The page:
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9780062133434_p0_v2_s260x420Reviewed by Jax Kepple

A WWII cargo plane goes down in Greenland in 1942 with five men on board, setting off a chain of events in which two more search planes (including the famous Duck, which can land on the water or on land) go down, motor-sleds are dispatched which also are lost, and men fall into crevasses never to be seen again. So begins Mitchell Zuckoff’s amazing Frozen in Time: An Epic Story of Survival and a Modern Quest for Lost Heroes of World War II, a book I literally could not put down or stop talking about.

Zuckoff expertly blends the story between past and present day, where he joins (and partially funds) a maverick man on a mission to search for the Duck, which could be buried seventy feet below in the glacier. With a team of Coast Guard rescuers and scientists, Zuckoff gets a taste of what the men who were stuck on the ice for months on end had to endure.

The story mainly focuses on the second plane, which took off with nine men aboard to search for the cargo plane and crashed on the edge of a crevice. One man got thrown from the plane on impact and broke his arm, requiring a homemade splint. The men who lived through the nightmare of being trapped on the glacier had to endure hunger, cold, frostbite and gangrene. The group relies on the steady leadership of their captain, Monteverde, who stuck by his crewmen until the end.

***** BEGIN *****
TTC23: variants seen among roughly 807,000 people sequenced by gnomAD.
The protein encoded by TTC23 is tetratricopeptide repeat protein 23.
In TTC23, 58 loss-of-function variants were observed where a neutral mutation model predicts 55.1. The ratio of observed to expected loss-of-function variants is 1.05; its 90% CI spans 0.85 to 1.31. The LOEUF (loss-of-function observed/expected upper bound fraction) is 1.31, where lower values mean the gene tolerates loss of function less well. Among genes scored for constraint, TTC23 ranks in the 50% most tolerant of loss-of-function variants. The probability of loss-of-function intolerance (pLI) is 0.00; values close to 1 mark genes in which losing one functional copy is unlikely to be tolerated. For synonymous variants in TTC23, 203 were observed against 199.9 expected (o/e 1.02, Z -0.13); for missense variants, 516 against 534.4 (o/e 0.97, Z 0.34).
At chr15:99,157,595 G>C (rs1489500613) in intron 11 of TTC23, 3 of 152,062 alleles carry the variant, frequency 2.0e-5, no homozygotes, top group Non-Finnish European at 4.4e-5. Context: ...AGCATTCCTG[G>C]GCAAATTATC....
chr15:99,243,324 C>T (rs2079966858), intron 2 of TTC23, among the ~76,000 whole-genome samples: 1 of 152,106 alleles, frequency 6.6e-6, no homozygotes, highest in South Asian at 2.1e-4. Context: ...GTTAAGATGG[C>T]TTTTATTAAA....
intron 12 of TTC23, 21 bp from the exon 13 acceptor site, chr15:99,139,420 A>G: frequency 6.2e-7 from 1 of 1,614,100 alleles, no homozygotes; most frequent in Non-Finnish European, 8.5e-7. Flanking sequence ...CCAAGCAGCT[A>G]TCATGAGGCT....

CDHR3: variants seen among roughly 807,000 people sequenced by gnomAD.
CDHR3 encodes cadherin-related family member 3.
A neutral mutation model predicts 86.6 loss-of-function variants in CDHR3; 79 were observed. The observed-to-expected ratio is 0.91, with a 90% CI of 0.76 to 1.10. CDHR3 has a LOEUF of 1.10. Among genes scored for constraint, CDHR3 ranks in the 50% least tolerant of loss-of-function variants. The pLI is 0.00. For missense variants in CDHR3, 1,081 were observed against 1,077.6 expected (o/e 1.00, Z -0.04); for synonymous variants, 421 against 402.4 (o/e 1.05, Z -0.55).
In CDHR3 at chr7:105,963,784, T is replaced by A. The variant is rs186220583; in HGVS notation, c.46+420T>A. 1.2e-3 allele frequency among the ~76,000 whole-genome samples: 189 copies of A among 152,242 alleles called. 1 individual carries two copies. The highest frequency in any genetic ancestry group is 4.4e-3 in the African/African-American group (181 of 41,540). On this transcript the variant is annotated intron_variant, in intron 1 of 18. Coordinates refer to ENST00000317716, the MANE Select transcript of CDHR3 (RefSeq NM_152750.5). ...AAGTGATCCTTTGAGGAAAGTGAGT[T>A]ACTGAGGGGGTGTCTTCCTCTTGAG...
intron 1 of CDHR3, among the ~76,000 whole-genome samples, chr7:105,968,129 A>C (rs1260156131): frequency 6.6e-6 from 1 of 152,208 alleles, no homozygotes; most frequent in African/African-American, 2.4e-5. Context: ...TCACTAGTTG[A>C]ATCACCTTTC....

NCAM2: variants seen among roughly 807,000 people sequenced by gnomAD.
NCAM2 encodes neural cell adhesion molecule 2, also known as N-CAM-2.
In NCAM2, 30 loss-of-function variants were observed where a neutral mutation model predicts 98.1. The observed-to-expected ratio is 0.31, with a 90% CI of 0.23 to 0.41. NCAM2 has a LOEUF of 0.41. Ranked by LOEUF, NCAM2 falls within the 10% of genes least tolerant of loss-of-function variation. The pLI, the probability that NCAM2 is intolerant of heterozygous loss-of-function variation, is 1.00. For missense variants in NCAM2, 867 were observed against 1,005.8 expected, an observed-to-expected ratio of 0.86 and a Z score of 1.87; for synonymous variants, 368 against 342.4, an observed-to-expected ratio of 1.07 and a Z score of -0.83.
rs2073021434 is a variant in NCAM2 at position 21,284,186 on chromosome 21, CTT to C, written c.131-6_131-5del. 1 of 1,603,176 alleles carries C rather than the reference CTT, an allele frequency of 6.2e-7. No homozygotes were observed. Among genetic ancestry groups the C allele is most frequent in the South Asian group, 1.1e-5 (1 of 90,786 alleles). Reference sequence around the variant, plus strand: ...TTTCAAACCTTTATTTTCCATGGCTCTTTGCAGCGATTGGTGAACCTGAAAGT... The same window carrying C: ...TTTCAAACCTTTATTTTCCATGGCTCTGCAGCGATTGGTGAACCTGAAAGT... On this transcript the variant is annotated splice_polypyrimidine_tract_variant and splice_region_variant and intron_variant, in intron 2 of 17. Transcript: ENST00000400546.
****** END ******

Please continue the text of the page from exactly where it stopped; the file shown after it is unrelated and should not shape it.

I couldn’t help but notice the extreme differences in attitude between the WWII men and the more modern day group who are searching for the Duck. The men who were stuck on the glacier were stoic, brave and deferred to the captain always. They were respectful and trusted in themselves, God and the United States. The modern day team was filled with big personalities and arrogant tempers, people blaming others for faulty machines or some pieces of equipment that somehow arrived in Greenland that no one on the team knew how to operate or use.

Zuckoff wisely doesn’t linger on that and he delves into the mission they have: to find the Duck. The reader can’t help but root for the them, and I felt the outcome was realistic.

These type of nonfiction books are always a pleasure to read and Zuckoff was able to keep the suspense going through his detailed research and fantastic writing.

Rating: ★★★★★ 

Jax is in an accountant at a hedge fund. She resides in NYC with her husband.

Review copy was provided free of any obligation by Harper. No monetary or any other form of compensation was received.